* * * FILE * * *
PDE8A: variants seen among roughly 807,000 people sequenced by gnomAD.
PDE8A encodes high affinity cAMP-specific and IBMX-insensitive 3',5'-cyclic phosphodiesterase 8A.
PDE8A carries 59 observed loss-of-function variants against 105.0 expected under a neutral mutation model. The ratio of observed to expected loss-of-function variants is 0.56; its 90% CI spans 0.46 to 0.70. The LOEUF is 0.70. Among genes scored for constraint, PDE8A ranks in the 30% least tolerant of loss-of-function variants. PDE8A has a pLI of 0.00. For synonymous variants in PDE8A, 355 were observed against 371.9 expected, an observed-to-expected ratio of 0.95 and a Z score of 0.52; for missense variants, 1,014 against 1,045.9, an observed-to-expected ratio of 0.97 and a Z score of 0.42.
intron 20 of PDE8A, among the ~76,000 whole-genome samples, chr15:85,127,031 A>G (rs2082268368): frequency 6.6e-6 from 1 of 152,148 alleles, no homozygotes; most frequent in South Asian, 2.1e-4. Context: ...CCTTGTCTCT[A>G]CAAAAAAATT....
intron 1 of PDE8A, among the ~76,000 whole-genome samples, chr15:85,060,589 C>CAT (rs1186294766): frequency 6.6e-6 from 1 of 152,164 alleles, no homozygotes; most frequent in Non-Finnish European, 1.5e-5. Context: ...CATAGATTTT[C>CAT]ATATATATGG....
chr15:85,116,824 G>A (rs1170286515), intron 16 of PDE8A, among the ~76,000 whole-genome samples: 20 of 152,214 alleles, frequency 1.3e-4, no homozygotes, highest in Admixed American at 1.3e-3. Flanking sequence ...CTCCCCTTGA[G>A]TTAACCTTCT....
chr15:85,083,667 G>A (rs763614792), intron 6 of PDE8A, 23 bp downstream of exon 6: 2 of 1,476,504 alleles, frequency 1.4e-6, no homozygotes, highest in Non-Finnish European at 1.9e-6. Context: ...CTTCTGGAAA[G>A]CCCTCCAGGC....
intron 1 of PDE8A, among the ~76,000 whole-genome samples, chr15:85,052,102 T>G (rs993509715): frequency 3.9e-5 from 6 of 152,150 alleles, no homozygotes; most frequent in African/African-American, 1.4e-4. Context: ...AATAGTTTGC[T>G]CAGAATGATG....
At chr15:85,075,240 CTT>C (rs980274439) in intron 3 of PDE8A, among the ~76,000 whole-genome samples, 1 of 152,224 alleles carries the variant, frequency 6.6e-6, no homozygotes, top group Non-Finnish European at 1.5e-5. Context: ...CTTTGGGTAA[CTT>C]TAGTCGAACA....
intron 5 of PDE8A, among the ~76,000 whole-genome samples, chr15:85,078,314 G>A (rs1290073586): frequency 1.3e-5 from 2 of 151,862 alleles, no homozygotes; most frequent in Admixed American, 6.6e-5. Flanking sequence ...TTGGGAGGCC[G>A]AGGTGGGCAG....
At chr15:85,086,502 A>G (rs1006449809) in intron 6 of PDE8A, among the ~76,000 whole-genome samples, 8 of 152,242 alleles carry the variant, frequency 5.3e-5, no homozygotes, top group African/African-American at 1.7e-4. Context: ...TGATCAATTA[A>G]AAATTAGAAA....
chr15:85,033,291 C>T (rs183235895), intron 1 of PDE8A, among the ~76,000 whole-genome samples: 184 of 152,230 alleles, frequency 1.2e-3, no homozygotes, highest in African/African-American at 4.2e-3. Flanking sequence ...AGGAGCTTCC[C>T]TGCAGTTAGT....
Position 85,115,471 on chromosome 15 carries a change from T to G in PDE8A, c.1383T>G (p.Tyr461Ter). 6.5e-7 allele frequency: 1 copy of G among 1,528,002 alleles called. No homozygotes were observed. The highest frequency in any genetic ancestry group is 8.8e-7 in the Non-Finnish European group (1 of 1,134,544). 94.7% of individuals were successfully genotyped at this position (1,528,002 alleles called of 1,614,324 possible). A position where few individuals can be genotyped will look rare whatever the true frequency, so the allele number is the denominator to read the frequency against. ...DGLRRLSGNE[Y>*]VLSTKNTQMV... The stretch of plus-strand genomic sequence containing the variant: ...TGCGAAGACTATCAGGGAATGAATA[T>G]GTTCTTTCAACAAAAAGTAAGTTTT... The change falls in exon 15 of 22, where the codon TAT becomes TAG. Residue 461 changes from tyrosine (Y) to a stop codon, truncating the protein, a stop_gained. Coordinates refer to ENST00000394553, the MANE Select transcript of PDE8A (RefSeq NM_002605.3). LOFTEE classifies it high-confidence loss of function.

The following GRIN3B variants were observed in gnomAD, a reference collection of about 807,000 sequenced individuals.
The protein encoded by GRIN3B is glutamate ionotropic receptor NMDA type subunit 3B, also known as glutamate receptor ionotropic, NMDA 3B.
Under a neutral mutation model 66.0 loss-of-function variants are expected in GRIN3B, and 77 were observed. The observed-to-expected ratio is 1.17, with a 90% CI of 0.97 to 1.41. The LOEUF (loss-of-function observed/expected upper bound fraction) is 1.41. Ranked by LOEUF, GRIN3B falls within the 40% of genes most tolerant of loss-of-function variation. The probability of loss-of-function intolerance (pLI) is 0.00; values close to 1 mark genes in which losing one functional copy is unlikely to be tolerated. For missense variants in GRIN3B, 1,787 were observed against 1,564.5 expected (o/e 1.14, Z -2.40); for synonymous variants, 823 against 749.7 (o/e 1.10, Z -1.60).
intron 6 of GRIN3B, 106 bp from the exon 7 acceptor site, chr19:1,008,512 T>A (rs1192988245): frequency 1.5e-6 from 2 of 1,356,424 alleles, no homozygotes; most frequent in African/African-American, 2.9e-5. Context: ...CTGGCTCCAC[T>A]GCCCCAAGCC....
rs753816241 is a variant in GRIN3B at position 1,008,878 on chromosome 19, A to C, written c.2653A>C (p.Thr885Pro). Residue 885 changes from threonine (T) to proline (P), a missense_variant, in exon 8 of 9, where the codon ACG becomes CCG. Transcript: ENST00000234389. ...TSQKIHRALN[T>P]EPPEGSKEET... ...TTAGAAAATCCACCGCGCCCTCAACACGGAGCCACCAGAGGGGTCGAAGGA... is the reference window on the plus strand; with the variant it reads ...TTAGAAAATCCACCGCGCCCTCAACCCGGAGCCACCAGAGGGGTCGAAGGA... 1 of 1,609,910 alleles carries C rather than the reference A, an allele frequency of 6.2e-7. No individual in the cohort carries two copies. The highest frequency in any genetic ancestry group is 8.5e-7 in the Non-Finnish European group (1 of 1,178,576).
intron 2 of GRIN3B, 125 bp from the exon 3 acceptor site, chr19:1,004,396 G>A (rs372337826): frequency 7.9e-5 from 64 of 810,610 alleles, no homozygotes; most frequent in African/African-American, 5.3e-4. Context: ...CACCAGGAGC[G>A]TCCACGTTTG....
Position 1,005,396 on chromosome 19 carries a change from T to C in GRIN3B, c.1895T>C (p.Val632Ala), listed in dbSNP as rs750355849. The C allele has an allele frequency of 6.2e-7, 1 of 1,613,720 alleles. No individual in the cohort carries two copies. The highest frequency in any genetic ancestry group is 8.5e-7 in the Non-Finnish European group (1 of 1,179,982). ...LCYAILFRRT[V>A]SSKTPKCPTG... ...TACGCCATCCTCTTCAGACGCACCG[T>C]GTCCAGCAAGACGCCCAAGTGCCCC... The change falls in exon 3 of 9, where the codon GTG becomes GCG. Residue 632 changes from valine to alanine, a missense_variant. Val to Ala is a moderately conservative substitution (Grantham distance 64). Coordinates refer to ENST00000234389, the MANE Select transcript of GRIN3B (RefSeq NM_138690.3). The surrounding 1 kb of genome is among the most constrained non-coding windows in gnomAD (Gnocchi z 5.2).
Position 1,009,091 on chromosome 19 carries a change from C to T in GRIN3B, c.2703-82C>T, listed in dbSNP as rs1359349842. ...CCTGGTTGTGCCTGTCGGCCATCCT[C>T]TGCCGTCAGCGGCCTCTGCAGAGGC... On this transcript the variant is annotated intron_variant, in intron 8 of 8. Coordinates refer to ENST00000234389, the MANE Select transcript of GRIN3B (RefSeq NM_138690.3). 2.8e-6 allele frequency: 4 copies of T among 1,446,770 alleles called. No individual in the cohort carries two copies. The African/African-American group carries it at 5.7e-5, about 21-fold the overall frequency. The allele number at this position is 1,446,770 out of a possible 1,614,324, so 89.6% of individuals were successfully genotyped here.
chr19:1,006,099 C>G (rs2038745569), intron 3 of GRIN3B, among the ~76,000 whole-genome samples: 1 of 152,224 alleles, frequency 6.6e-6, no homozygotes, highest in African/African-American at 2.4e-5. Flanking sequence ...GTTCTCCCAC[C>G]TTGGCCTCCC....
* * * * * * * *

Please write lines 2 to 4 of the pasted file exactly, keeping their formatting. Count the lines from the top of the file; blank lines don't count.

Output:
PDE8A encodes high affinity cAMP-specific and IBMX-insensitive 3',5'-cyclic phosphodiesterase 8A.
PDE8A carries 59 observed loss-of-function variants against 105.0 expected under a neutral mutation model. The ratio of observed to expected loss-of-function variants is 0.56; its 90% CI spans 0.46 to 0.70. The LOEUF is 0.70. Among genes scored for constraint, PDE8A ranks in the 30% least tolerant of loss-of-function variants. PDE8A has a pLI of 0.00. For synonymous variants in PDE8A, 355 were observed against 371.9 expected, an observed-to-expected ratio of 0.95 and a Z score of 0.52; for missense variants, 1,014 against 1,045.9, an observed-to-expected ratio of 0.97 and a Z score of 0.42.
intron 20 of PDE8A, among the ~76,000 whole-genome samples, chr15:85,127,031 A>G (rs2082268368): frequency 6.6e-6 from 1 of 152,148 alleles, no homozygotes; most frequent in South Asian, 2.1e-4. Context: ...CCTTGTCTCT[A>G]CAAAAAAATT....